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Lynn Zwerling's knitting group for male prisoners opens up their world

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Zwerling made her career selling used cars at dealerships around Baltimore, while she and her husband raised two kids. Often the only woman on the lot, she buzzed with energy, outselling most of the guys. When she retired in 2007, she needed a project.

"I worked only with men," she says, "so when I retired, I said: 'Oh my god, I don't have any girlfriends. What am I going to do with myself?' "

She had recently learned to knit, so it occurred to her to start a knitting group at a local bookstore. Nobody showed up the first week. But then a trickle became a flood. The group soon outgrew the bookstore, ballooning to nearly 600 members. They meet weekly, chatting about families, recipes, and vacations – while churning out sweaters.

Zwerling liked the kaffeeklatsch atmosphere. But not as much as she likes a challenge. She saw how knitting and a supportive environment had fostered connections between people from disparate backgrounds.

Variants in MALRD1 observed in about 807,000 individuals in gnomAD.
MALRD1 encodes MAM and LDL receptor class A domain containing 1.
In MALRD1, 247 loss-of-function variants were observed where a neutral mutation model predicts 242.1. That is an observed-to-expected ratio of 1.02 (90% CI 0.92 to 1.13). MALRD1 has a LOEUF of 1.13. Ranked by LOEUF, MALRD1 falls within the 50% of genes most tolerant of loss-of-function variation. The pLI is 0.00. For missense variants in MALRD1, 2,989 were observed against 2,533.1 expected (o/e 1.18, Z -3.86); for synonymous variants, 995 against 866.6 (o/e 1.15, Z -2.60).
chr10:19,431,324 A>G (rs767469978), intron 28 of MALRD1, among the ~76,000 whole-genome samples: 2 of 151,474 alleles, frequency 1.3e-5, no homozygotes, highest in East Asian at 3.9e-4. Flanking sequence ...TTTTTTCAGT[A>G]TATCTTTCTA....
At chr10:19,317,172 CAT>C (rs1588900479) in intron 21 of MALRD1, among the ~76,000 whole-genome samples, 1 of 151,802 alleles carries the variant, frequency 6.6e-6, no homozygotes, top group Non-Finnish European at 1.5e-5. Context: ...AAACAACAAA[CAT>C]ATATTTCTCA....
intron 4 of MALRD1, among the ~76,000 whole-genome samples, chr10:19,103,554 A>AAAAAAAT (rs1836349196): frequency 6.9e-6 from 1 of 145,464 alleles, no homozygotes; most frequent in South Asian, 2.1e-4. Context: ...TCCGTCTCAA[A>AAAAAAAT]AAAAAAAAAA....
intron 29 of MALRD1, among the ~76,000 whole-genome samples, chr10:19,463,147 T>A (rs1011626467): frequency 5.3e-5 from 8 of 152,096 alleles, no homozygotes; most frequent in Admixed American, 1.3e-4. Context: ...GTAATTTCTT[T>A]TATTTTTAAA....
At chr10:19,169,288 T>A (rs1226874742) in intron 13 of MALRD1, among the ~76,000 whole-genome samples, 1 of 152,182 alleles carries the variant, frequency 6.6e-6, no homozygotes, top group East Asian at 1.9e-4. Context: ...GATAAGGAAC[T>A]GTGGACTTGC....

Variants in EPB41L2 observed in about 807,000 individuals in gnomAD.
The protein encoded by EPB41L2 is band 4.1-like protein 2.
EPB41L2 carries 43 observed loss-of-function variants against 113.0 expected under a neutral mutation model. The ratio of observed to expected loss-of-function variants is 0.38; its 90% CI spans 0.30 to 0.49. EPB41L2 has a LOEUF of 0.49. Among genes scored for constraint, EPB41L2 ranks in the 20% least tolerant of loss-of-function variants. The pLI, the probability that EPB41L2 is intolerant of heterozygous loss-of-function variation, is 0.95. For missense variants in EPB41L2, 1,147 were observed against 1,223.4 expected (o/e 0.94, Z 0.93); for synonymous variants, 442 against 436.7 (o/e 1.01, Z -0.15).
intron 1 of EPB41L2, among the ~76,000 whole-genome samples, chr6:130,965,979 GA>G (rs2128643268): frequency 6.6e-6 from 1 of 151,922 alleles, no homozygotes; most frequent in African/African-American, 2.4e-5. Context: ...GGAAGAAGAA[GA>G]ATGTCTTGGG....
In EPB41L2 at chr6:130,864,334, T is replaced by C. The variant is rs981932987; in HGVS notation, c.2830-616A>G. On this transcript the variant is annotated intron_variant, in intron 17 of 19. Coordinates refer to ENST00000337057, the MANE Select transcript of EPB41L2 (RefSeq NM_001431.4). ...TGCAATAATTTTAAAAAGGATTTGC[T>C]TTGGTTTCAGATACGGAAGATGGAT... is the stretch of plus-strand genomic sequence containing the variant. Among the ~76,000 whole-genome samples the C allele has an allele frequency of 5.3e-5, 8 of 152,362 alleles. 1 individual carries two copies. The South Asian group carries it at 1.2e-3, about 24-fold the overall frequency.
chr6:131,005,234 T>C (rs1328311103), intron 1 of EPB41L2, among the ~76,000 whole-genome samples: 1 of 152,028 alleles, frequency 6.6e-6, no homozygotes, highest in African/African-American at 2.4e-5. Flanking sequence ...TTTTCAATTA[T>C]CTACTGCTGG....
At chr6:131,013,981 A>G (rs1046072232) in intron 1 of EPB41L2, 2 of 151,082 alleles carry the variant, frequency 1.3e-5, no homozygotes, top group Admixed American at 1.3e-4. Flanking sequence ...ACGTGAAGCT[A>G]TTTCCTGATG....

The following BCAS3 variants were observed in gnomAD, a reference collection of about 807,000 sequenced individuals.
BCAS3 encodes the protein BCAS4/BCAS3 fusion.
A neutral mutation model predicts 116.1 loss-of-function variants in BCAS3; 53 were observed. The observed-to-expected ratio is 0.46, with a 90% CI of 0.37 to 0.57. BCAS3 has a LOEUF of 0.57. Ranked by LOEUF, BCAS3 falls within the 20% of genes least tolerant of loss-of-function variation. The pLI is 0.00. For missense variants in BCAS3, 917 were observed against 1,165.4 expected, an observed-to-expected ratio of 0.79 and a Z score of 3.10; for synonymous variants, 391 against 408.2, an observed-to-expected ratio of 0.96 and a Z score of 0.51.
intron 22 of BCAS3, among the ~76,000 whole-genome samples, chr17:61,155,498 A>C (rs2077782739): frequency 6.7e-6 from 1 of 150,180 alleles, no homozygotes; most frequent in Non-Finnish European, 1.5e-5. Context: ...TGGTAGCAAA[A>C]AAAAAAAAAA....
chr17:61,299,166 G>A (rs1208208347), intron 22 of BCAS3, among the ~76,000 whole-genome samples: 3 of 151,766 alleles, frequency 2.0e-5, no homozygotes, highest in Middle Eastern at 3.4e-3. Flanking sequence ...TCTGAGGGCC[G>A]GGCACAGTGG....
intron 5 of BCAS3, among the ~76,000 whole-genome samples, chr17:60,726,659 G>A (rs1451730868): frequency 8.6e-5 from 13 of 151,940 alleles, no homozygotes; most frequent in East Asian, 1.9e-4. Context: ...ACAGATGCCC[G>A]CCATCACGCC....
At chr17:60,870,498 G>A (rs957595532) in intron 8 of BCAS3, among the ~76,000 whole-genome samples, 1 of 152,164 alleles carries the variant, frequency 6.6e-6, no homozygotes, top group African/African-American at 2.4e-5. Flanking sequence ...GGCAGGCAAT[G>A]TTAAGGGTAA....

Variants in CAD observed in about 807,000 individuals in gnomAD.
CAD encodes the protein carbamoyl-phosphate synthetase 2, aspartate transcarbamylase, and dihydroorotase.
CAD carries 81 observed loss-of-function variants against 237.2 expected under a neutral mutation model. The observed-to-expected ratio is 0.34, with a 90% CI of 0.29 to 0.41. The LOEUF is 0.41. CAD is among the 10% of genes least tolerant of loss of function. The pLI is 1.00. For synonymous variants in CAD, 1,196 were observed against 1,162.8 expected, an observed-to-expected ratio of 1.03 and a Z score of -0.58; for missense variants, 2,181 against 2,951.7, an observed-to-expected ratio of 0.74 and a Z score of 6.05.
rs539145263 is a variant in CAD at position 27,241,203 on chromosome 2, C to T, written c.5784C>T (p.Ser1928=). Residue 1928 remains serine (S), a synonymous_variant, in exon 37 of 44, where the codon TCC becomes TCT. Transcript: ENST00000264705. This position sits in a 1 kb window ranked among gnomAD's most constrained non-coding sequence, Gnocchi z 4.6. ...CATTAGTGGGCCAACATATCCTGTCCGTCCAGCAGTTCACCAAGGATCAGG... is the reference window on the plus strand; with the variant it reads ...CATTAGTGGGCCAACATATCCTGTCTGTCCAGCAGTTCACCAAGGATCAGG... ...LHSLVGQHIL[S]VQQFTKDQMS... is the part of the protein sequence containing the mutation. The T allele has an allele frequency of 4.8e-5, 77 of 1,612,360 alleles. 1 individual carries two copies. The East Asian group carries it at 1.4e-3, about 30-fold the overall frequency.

"And I thought: "It's calming, it's creative; anyone can do it. I wanted to go someplace that it was totally off the wall."

JPRU is a squat, yellow facility about halfway between Baltimore and Washington, D.C. The halls are noisy and full of men. When Zwerling met Chippendale, then Jessup's facility administrator, she brought an infectious, almost manic enthusiasm about the idea of these felons making yarn dolls and pompom hats.

"I told her: 'Everybody wants to knit; they just don't know they do,' " Zwerling recalls.

Somehow, she made the sale.

"Lynn is a salesperson. There's no ifs, ands, or buts about it," says Chippendale, now assistant warden for the Maryland Correctional Pre-Release System. "I was a little skeptical. But she had made up her mind."

When Chippendale pitched the idea of dozens of sharp objects being brought into the facility each week for a knitting class, her staff was less than thrilled. Even after she addressed their safety concerns – they would count the needles coming in and out of the prison each week – there was another worry: Would men even show up for a knitting class?

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